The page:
For generations, New Yorkers rejoiced in the high quality of their drinking water, which runs swiftly and practically untouched to their faucets from the peaks of the Catskills 100 miles away. But that trust has disappeared during the last 10 years, eroded by an epidemic of nervousness that has left many people convinced that water with a label has to be better than water from a pipe."
National News
EPA and Army Propose to Amend Effective Date for Waters of the US Rule  The EPA and the Army are proposing to amend the effective date of the 2015 rule defining "Waters of the United States," to two years after today's action is finalized and published in the Federal Register (FR). EPA and the Army are taking this action to consider additional stakeholder input and options for providing certainty  more

NRWA and US Department of Labor Launch an Apprenticeship Program  On November 14, in celebration of National Apprenticeship Week, the National Rural Water Association (NRWA) and the US Department of Labor (DOL) signed an agreement that launches a nationwide apprenticeship program. The NRWA WaterPro Apprenticeship Program, tailored to water and wastewater system operations specialists, is now a nationally-recognized standard with the DOL.   more

Documents: US Steel sought to keep chemical spill
secret   Environmentalists are questioning why the public wasn't notified about an October chemical spill into a Lake Michigan tributary that U.S. Steel asked Indiana regulators to keep confidential.  more

EPA Drought Guide Now Includes Response Template   EPA's Drought Guide, originally published in March of 2016, is an interactive tool designed to assist small- to medium-sized water utilities with responding to drought.  more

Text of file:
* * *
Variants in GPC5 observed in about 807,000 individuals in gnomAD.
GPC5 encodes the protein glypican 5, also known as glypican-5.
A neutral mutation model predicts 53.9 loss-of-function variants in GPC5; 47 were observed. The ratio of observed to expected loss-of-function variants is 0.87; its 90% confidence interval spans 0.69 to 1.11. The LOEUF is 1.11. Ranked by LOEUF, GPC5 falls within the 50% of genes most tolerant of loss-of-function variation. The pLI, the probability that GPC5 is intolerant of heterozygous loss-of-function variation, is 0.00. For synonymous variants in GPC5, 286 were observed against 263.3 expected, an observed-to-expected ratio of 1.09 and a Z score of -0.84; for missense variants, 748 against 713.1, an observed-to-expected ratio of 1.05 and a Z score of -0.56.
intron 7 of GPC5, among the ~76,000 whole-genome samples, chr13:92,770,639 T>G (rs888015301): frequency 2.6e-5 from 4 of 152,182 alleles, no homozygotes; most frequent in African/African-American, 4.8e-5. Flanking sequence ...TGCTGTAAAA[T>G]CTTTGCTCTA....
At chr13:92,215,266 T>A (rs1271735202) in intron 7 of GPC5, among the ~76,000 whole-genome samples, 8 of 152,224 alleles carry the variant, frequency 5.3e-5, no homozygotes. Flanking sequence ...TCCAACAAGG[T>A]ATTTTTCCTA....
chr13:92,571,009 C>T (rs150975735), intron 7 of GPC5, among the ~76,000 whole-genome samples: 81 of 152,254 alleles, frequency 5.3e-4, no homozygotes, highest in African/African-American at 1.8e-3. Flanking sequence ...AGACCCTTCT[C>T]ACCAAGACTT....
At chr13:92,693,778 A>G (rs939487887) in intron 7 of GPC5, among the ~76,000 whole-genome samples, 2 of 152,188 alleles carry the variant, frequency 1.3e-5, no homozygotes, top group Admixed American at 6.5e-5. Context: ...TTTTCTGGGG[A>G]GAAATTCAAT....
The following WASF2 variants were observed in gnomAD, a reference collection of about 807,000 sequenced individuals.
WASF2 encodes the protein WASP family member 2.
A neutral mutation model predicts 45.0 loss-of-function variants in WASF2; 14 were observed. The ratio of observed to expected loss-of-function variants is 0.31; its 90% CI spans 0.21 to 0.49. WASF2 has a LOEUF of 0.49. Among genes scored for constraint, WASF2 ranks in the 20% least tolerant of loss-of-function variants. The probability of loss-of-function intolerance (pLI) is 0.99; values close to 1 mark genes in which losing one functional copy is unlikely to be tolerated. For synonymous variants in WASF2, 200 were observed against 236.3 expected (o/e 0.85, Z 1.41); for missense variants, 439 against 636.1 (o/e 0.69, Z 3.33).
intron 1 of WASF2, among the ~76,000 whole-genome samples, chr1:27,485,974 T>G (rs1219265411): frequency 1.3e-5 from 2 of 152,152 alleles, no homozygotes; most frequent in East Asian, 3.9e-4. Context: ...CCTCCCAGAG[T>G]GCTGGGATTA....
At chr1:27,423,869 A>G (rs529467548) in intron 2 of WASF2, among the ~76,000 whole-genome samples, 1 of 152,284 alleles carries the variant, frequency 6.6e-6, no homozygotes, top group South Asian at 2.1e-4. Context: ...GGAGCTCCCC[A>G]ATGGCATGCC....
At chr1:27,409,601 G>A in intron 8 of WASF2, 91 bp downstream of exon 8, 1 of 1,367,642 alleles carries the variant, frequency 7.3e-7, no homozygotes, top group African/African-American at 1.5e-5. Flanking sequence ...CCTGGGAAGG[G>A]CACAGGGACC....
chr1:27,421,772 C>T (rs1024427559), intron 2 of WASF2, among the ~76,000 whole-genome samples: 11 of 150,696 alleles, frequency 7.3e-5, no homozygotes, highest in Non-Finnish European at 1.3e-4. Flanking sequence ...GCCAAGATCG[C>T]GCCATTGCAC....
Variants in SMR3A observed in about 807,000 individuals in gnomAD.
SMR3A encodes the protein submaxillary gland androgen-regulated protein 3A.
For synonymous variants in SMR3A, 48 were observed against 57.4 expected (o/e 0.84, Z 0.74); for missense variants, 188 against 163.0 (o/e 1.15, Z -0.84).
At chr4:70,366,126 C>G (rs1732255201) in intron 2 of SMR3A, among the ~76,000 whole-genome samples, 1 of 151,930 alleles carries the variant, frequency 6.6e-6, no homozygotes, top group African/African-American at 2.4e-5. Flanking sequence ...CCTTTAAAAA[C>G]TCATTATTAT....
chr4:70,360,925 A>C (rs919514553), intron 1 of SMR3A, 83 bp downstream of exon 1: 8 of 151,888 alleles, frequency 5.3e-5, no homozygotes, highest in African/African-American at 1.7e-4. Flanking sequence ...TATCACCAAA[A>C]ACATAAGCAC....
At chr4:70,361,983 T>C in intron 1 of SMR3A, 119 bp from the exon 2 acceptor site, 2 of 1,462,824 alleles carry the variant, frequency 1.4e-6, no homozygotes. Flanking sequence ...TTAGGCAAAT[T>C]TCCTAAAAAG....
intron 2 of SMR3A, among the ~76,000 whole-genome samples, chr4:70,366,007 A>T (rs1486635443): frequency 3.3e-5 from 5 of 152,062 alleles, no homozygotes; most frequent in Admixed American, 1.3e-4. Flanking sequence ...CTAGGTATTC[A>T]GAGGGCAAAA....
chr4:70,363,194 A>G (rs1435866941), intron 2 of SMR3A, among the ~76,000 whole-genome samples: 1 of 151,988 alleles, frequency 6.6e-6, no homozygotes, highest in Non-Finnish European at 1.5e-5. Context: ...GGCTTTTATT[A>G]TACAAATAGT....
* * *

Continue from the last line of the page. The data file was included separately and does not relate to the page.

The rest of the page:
Scientists fear red tide bloom may be lingering offshore   Sick cormorants, a sign that red tide is in the area. The Clinic for the Rehabilitation of Wildlife is starting to treat more birds affected with the toxin.  more

Denver voters mandate environment-friendly roofs   Denver has become the latest city to require rooftop gardens or solar panels on big new buildings.  more

Disneyland shuts cooling towers after Legionnaires' cases Disneyland has shut down two cooling towers after people who visited the Southern California theme park came down with Legionaires' disease.   more
State News
The Suwannee River Water Management District (District) is currently accepting project proposals for the District's Summer 2018 cycle RIVER and SPRINGS projects  here

Hurricane Irma exposes weaknesses in Central Florida sewer system
s  Hurricane Irma was a powerful force of nature, knocking out power, damaging buildings, toppling trees and exposing weaknesses in several Central Florida sewer systems. more

Bonifay address water concerns  Bonifay City Council members discussed the recent water issue faced by town residents when the board met in regular session November 13.  more

A pollution alarm for Everglades after Floridas super wet year, but how bad is it?  Water flowing into Everglades National Park during the wettest rainy season on record, along with a powerful hurricane, exceeded court-ordered limits for marsh-killing phosphorus, the South Florida Water Management District revealed this week.  more

Lake Okeechobee reservoir: SFWMD to pay Army Corps $1.5 million to help with planning  The South Florida Water Management District board agreed Thursday to pay the Army Corps of Engineers up to $1.5 million for "technical assistance" to help with planning the reservoir south of Lake Okeechobee.  more
Florida Rural Water Association | |
2970 Wellington Circle
Tallahassee FL 32309